Her is a new film, set for release early in the New Year, starring Joaquin Phoenix in the role of a heartbroken writer who falls for Scarlett Johansson. Not the most implausible of scenarios, except that in this instance Johansson is nothing more than a voice – and the voice of a computer operating system at that.
Her is already receiving rave reviews, with many comparing it to Steven Spielberg’s Minority Report, where the view of the future proved to be uncannily accurate in many respects; indeed, unlike Minority Report, the technology shown in Her is for the most part already here and starting to become part of everyday life for ordinary people and not just the rich. Voice activation is becoming more and more commonplace, and 2014 is set to see a whole range of such products entering the mainstream.
People talking to their motor vehicles or internet TVs, and those devices being able to remember and store viewer preferences, will signal the end of the remote control in its current form: “The beautiful, dark and intriguing world of Her is a signal that the exploration of artificial intelligence, voice and natural language technologies – creating avatars which understand and decipher what we say – is something that is being talked about in a very real way,” notes John West of the company Nuance, which is evolving a product very similar to that seen in the film. Nuance is not connected to the moviemakers.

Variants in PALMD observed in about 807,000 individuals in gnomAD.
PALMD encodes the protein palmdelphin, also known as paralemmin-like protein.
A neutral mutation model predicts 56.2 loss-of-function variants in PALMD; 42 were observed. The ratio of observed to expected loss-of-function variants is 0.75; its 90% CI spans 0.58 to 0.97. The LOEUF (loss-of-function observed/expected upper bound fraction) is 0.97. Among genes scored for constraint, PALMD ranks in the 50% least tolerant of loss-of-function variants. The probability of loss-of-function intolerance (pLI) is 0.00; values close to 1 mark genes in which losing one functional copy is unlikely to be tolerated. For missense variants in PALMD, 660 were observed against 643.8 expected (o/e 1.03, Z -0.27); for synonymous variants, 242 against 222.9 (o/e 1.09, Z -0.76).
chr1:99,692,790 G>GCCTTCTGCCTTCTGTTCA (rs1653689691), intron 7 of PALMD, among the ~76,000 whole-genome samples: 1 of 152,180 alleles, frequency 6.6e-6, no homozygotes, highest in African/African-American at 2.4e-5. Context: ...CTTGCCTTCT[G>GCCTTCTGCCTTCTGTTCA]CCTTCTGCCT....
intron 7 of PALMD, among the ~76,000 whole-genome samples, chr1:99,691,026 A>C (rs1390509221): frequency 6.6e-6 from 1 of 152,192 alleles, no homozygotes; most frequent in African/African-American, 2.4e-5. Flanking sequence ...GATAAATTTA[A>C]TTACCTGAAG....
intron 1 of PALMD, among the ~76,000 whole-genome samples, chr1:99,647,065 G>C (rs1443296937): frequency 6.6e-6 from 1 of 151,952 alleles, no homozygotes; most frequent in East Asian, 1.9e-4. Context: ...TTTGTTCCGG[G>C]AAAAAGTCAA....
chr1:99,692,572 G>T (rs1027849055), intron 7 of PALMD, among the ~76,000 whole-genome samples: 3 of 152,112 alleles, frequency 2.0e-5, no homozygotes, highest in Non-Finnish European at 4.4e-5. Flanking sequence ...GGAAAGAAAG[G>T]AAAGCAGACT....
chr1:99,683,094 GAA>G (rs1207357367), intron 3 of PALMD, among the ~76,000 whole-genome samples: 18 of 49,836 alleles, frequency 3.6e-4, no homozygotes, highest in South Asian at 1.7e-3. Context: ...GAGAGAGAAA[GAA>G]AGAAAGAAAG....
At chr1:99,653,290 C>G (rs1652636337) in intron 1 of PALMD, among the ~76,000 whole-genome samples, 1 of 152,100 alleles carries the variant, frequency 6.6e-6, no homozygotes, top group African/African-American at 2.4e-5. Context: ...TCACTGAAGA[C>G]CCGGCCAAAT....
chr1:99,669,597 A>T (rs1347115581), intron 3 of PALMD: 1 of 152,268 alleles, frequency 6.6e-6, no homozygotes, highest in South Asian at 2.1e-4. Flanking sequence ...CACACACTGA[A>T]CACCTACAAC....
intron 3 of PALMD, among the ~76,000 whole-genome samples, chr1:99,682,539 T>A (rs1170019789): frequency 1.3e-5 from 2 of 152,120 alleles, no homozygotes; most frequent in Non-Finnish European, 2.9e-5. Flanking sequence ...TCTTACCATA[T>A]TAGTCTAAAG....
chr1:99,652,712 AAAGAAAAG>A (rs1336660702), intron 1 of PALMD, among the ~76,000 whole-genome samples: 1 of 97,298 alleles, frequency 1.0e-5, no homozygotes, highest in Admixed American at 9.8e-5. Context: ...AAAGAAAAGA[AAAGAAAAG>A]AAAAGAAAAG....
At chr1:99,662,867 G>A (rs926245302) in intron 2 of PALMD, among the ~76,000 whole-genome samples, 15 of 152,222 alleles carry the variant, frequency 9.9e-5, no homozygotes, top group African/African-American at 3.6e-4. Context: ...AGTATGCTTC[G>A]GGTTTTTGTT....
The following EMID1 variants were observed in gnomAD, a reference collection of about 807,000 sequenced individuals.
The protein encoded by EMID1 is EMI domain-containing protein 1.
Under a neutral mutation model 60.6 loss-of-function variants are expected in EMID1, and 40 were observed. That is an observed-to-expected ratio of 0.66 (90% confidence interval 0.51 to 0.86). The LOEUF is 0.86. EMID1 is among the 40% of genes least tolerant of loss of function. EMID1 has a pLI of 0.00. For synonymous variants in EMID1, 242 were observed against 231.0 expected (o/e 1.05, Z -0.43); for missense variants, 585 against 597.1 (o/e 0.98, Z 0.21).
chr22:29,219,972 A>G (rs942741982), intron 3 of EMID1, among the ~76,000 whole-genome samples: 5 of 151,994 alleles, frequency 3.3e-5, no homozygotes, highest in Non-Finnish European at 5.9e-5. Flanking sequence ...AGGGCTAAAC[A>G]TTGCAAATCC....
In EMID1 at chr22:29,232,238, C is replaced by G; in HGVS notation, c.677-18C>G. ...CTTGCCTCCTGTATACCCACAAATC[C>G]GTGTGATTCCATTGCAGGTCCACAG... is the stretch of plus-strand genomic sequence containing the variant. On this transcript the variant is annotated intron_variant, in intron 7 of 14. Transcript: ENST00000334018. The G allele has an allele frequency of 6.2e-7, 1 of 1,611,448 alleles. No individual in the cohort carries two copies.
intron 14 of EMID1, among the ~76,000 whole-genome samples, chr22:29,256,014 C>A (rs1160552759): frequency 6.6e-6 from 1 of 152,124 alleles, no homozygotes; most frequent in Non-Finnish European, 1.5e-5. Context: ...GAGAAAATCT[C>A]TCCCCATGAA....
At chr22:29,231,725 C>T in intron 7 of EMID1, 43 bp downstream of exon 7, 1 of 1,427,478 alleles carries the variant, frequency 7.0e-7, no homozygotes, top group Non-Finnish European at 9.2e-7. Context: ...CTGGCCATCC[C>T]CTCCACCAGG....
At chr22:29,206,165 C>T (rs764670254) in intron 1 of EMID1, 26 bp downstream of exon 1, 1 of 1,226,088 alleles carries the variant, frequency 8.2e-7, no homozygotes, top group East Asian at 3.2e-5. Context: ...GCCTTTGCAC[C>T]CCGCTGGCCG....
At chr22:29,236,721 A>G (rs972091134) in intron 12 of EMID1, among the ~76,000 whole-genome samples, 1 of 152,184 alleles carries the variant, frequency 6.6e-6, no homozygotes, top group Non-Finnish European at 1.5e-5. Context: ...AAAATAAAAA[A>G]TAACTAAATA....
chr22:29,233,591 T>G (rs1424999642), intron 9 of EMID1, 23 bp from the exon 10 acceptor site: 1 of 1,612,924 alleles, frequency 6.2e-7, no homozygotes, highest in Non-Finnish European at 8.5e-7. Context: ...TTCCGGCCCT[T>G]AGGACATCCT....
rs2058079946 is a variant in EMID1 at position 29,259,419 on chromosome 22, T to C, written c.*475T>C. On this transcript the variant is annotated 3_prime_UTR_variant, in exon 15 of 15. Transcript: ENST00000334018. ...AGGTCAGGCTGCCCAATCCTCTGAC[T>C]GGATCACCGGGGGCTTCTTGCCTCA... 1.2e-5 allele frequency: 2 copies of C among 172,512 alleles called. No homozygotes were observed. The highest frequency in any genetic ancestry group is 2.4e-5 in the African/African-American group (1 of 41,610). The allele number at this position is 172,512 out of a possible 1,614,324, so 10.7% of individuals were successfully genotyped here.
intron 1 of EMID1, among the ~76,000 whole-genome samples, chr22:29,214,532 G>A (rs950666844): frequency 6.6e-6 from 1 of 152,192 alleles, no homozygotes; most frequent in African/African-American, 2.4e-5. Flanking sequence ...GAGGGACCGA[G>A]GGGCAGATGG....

Whether people will really fall for artificial voices is up for debate; however, if they sound like Scarlett Johansson, anything is possible.